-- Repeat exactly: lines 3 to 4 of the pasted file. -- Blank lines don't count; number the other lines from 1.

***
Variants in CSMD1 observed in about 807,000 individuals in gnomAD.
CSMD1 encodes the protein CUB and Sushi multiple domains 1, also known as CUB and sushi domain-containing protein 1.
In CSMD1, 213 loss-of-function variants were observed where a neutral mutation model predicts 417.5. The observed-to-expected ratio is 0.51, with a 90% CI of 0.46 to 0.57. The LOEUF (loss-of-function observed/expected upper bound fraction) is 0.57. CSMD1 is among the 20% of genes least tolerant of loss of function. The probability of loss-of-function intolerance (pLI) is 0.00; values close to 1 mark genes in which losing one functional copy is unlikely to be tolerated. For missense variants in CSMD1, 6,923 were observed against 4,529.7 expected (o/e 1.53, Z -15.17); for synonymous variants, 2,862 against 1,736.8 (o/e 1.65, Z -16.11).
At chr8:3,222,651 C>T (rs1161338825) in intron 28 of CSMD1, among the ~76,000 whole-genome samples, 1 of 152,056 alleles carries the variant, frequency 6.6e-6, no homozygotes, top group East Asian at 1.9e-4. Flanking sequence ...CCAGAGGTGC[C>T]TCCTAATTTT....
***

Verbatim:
In CSMD1, 213 loss-of-function variants were observed where a neutral mutation model predicts 417.5. The observed-to-expected ratio is 0.51, with a 90% CI of 0.46 to 0.57. The LOEUF (loss-of-function observed/expected upper bound fraction) is 0.57. CSMD1 is among the 20% of genes least tolerant of loss of function. The probability of loss-of-function intolerance (pLI) is 0.00; values close to 1 mark genes in which losing one functional copy is unlikely to be tolerated. For missense variants in CSMD1, 6,923 were observed against 4,529.7 expected (o/e 1.53, Z -15.17); for synonymous variants, 2,862 against 1,736.8 (o/e 1.65, Z -16.11).
At chr8:3,222,651 C>T (rs1161338825) in intron 28 of CSMD1, among the ~76,000 whole-genome samples, 1 of 152,056 alleles carries the variant, frequency 6.6e-6, no homozygotes, top group East Asian at 1.9e-4. Flanking sequence ...CCAGAGGTGC[C>T]TCCTAATTTT....